Several months ago, I wrote about having to spend money to make money teaching yoga. The piece revealed nearly as much about my uncontrollable materialism as it did about the necessary costs involved in becoming a yoga teacher, but I was still intrigued when I saw a later piece pop up on the site: “Spiritually Bankrupt: How I Went Broke Trying To Teach Yoga.”
After reading it, though, I just wanted to grab the writer’s shoulders and shake her and shout You’re doing it all wrong!
Then the piece ran again today on Yoga Dork, and it made me think back to the time when I was coaching beginning freelance writers who were terrified of not being able to make enough money to survive. It made me think back to a time when I myself was terrified of the same thing. When I was still trying to find the balance that worked for me.
And what I come back to—what I wish I could have told Past Me at the very beginning of my career, and what I wish I could have told the author of that post—is that nothing in life has to be all or nothing.
I mean, it could be all or nothing. That’s obviously an option.
But as in less traditional careers, as in motherhood, as in life, it doesn’t have to be.
And whatever decision you make—whether it works, whether it doesn’t, whether it only works at first and then starts to work less and less—nothing is permanent.
When I went full-time freelance almost eight years ago, I thought it had to be all or nothing. And I struggled for all those years as it slowly dawned on me that going all or nothing wasn’t going to work for me. During that time, I tried so many different combinations of things. Some of them worked. Some of them didn’t. And some of them only worked for a little while.
By the time I became a yoga teacher, I knew. I knew this wasn’t going to be My New Thing. The only thing I was. The thing that was going to support me as I let everything else slip away. It was just one new puzzle piece. One thing that, combined with other things, made me feel as if I was building a life I could be happy with.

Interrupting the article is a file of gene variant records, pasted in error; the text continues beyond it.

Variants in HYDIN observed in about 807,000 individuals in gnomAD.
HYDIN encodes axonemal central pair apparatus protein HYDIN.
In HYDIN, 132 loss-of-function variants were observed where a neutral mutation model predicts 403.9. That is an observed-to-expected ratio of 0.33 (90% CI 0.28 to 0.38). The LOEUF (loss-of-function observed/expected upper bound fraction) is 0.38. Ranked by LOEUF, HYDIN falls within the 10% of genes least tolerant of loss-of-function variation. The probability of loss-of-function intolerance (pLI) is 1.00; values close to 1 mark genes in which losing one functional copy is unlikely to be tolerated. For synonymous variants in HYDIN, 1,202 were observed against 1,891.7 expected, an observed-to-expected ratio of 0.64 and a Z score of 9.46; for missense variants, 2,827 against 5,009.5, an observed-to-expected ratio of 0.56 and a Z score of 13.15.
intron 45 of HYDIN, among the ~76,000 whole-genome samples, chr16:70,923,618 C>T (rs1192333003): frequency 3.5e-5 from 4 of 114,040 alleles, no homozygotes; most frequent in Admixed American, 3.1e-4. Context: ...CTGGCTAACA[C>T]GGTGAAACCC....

And then I became a mother and, though it threatened to dwarf everything else, I knew I couldn’t allow the rest of my identity to melt away. I had to keep writing. I had to keep practicing and teaching yoga. I had to keep going to book clubs and bars and Toastmasters meetings so I could show my daughter what it is to build a full life.
These days, I’m the senior writer and editor for a nonprofit professional organization. I manage social media for another client, blog about motherhood for mom.me, and teach at two yoga studios. I take on other writing and editing assignments here and there. And though it sounds like it would be impossible to have the time for anything else, I’m also a mother and a bookworm and a Toastmaster and a cat lady. With all of this, I make enough money to feel secure. And the variety in my life ensures I don’t get burnt out on any of it.
I know the writer of that post was burnt out in her career. I know she lost her job. I know that all of us wrestle with circumstances beyond our control, slipping into holes that keep us temporarily immobile.
But yoga isn’t the answer. At least not on its own.
When that writer wrote of losing her passion for yoga, I felt so sad, but I understood it. Because when you try to make any one thing the answer to everything, it inevitably collapses under the weight of your need. It happened in my marriage at one point. It happened with my writing, too.
Hopefully I’ve learned enough by this point to not let it happen again.